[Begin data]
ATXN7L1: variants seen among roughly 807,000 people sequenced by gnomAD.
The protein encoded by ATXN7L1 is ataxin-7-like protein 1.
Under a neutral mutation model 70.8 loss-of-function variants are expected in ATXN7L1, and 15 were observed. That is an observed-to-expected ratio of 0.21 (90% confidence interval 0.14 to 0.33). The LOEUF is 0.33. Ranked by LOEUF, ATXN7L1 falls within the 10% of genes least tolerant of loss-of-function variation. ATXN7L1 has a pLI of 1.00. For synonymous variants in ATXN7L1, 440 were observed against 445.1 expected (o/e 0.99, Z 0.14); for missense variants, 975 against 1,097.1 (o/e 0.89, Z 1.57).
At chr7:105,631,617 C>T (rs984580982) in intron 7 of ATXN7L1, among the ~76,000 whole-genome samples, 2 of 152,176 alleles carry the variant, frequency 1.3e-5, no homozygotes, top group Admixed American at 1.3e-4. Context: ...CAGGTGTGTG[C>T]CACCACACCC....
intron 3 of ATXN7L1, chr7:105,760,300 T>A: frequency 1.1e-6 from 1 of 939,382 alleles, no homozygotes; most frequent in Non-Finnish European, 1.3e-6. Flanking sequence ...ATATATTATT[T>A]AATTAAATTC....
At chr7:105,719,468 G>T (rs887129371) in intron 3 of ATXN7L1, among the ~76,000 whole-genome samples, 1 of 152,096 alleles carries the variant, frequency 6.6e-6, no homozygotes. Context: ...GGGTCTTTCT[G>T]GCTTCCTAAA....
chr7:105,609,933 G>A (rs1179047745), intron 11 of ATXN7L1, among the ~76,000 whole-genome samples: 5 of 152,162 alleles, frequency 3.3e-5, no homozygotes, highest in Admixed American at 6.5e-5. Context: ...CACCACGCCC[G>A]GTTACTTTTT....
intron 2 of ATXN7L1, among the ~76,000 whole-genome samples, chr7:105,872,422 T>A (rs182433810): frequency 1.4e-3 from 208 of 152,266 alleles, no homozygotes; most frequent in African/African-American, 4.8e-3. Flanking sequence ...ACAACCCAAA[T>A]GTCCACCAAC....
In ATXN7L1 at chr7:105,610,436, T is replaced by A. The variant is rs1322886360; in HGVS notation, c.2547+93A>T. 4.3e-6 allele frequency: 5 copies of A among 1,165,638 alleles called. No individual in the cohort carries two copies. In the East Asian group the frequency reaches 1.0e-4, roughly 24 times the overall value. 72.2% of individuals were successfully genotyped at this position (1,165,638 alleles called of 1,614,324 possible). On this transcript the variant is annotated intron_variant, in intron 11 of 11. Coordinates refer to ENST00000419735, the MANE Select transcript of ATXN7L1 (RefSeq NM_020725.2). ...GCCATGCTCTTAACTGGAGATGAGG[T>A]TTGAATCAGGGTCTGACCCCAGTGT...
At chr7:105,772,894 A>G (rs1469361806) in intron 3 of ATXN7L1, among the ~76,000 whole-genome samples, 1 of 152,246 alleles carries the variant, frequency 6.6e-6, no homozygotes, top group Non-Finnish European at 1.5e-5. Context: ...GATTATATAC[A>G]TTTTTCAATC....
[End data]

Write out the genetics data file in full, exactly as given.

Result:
ATXN7L1: variants seen among roughly 807,000 people sequenced by gnomAD.
The protein encoded by ATXN7L1 is ataxin-7-like protein 1.
Under a neutral mutation model 70.8 loss-of-function variants are expected in ATXN7L1, and 15 were observed. That is an observed-to-expected ratio of 0.21 (90% confidence interval 0.14 to 0.33). The LOEUF is 0.33. Ranked by LOEUF, ATXN7L1 falls within the 10% of genes least tolerant of loss-of-function variation. ATXN7L1 has a pLI of 1.00. For synonymous variants in ATXN7L1, 440 were observed against 445.1 expected (o/e 0.99, Z 0.14); for missense variants, 975 against 1,097.1 (o/e 0.89, Z 1.57).
At chr7:105,631,617 C>T (rs984580982) in intron 7 of ATXN7L1, among the ~76,000 whole-genome samples, 2 of 152,176 alleles carry the variant, frequency 1.3e-5, no homozygotes, top group Admixed American at 1.3e-4. Context: ...CAGGTGTGTG[C>T]CACCACACCC....
intron 3 of ATXN7L1, chr7:105,760,300 T>A: frequency 1.1e-6 from 1 of 939,382 alleles, no homozygotes; most frequent in Non-Finnish European, 1.3e-6. Flanking sequence ...ATATATTATT[T>A]AATTAAATTC....
At chr7:105,719,468 G>T (rs887129371) in intron 3 of ATXN7L1, among the ~76,000 whole-genome samples, 1 of 152,096 alleles carries the variant, frequency 6.6e-6, no homozygotes. Context: ...GGGTCTTTCT[G>T]GCTTCCTAAA....
chr7:105,609,933 G>A (rs1179047745), intron 11 of ATXN7L1, among the ~76,000 whole-genome samples: 5 of 152,162 alleles, frequency 3.3e-5, no homozygotes, highest in Admixed American at 6.5e-5. Context: ...CACCACGCCC[G>A]GTTACTTTTT....
intron 2 of ATXN7L1, among the ~76,000 whole-genome samples, chr7:105,872,422 T>A (rs182433810): frequency 1.4e-3 from 208 of 152,266 alleles, no homozygotes; most frequent in African/African-American, 4.8e-3. Flanking sequence ...ACAACCCAAA[T>A]GTCCACCAAC....
In ATXN7L1 at chr7:105,610,436, T is replaced by A. The variant is rs1322886360; in HGVS notation, c.2547+93A>T. 4.3e-6 allele frequency: 5 copies of A among 1,165,638 alleles called. No individual in the cohort carries two copies. In the East Asian group the frequency reaches 1.0e-4, roughly 24 times the overall value. 72.2% of individuals were successfully genotyped at this position (1,165,638 alleles called of 1,614,324 possible). On this transcript the variant is annotated intron_variant, in intron 11 of 11. Coordinates refer to ENST00000419735, the MANE Select transcript of ATXN7L1 (RefSeq NM_020725.2). ...GCCATGCTCTTAACTGGAGATGAGG[T>A]TTGAATCAGGGTCTGACCCCAGTGT...
At chr7:105,772,894 A>G (rs1469361806) in intron 3 of ATXN7L1, among the ~76,000 whole-genome samples, 1 of 152,246 alleles carries the variant, frequency 6.6e-6, no homozygotes, top group Non-Finnish European at 1.5e-5. Context: ...GATTATATAC[A>G]TTTTTCAATC....